Our family is into the less sweet baked goods therefore we skipped over the bakeries that sold the super sweet rolls and such.  Las Flores Bakery had delicious dinner rolls and less sweet cookies/breads.  

Things to Do

As far as things to do in the area you kind of have to get creative.  It’s not like US cities where there are a lot of established attractions like museums or playgrounds.  The attractions are things like going boating, exploring the city on foot, swimming or whatnot.  

This being said, there was a lighthouse to view and a giant cactus “park” nearby.  The lighthouse was within walking distance via the beach or the streets.  You weren’t allowed to go close to the working lighthouse but could get a great view of it from a shrine on top of a high hill close by.  The little shrine was such a lovely place and what a view!!  The shrine sits on top of a hill overlooking the ocean and was decorated with silk flowers and other items people had left in memory of loved ones.  

The giant cactus park was the group outing that was planned by the Fulltime Familes group.  It was true that the saguaro cacti were bigger than I had ever seen!  It was nice company chatting on the bus with sweet people.  For the girls, I’m pretty sure this was their favorite part of the entire outing.  They got to be alone in the back of the bus with the other kids and it was something our oldest could participate in with her broken leg…sitting on a bus!  

Valle De Los Gigantes

An added bonus on the outing was a surprise traditional Mexican dance gifted to the Fulltime Familes group by the Mayer of Mexicali.  We later found out that Sand Felipe is controlled by Mexicali.  A very nice gift that none of us were expecting.  Actually, some of the families missed the performance because it wasn’t announced.  We were just walking down the trail at Valle De Los Gigantes and some of the travel guides from Mexico waved us over to deeper into the wilderness.  It wasn’t explained they just said something like, “something you have to see.”  It was such a beautiful ceremony and such an honor to get a glimpse of their culture.  For the second part of the ceremony they let us join in with the dancing, singing and spiritual aspect of it.  It was so much fun and so lovely.  At the end we all dropped a bit of crushed tobacco into a flame setting an intention for ourselves.  We then went around the circle and gave a loving and very special handshake and hug pattern to all.  It was really special and we all feel so honored that we could be part of it.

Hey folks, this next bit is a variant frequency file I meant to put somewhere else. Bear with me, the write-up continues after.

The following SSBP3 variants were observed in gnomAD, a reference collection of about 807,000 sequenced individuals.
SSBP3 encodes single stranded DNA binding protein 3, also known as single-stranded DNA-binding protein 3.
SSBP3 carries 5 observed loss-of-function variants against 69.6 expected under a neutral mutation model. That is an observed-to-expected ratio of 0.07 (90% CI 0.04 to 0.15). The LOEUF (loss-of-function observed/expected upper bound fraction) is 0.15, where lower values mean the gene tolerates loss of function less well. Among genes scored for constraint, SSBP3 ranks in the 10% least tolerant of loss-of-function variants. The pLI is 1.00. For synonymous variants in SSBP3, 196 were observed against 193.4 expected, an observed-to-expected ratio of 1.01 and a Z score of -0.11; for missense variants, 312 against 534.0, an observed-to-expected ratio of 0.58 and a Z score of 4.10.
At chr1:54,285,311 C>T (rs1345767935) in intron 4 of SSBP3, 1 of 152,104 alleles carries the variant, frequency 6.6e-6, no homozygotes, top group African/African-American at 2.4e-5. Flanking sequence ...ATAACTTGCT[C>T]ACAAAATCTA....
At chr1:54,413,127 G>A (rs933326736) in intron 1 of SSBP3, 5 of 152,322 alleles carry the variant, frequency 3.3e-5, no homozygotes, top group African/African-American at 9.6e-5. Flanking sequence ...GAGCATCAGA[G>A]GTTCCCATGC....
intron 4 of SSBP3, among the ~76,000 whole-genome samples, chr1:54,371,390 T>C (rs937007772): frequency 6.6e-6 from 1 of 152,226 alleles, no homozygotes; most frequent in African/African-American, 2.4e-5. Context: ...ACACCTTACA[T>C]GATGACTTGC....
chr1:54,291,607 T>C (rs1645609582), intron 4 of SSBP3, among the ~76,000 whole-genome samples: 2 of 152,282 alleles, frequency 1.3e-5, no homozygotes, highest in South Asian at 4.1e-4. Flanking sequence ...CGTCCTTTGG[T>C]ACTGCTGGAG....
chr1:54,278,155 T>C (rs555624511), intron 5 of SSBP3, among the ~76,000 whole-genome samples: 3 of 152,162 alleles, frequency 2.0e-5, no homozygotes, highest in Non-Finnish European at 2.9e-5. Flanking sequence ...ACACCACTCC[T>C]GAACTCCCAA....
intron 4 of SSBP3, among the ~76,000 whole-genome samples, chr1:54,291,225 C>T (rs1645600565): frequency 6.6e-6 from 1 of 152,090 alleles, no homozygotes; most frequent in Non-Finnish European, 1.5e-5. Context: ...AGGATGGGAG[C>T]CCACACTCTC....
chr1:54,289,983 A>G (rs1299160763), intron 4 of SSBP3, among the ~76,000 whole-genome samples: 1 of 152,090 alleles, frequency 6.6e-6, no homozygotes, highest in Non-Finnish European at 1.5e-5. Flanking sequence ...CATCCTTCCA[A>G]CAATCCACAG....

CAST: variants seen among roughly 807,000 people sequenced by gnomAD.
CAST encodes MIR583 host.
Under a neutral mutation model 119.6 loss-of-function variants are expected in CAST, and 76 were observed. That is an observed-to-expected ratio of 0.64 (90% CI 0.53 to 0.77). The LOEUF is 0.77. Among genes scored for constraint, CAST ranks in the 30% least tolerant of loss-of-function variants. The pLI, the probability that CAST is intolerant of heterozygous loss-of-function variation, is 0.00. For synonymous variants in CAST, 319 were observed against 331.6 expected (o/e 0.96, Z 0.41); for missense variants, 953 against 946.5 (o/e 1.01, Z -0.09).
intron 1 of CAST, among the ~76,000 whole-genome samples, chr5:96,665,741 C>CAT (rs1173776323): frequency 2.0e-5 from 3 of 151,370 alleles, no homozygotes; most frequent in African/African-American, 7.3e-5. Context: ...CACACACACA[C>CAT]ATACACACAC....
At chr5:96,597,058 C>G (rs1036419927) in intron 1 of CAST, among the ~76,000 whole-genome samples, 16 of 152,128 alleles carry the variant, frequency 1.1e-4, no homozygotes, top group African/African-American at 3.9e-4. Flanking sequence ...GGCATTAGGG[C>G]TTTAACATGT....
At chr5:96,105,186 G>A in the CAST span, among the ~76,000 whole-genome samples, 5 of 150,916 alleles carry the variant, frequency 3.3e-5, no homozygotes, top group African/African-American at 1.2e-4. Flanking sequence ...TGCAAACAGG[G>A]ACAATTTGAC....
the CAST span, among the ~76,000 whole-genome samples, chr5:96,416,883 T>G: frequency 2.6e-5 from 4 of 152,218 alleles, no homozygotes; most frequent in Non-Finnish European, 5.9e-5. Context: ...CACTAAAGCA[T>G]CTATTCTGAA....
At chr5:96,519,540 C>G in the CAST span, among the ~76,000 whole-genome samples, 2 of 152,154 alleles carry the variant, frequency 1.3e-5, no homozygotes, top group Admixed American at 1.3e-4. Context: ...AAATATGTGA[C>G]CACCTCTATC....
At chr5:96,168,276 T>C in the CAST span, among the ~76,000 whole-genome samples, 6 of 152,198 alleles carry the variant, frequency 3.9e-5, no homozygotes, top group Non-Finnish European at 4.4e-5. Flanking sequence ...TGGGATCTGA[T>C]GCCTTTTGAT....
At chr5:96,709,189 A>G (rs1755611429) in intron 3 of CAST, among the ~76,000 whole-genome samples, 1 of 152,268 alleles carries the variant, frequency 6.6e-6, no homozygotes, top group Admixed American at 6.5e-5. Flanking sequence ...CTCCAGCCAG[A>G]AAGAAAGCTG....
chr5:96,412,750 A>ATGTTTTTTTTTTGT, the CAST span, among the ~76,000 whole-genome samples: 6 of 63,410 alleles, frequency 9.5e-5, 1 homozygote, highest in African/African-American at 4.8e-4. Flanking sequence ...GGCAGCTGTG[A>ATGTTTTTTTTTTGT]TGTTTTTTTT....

Traditional ceremony, a gift from the mayor of Mexicali


We were really shocked and saddened to see so much trash around in the landscape where people were living.  I figured it was because trash pick-up and recycling was either non-existent or too expensive for the average family.  We saw it covering fields and in giant piles in peoples yards.  Just walking down the street I was torn as the girls usually pick up any trash they see and we throw it into a trash can or recycle it.  However, here, there was so much of it and a lot was either really icky or dangerous so I was reluctant to have them touch any of it.  We picked up some but we would be picking up trash all day every day if we kept it going.  

We didn’t take any pictures of the really big garbage piles, so consider this to be one of the cleaner roads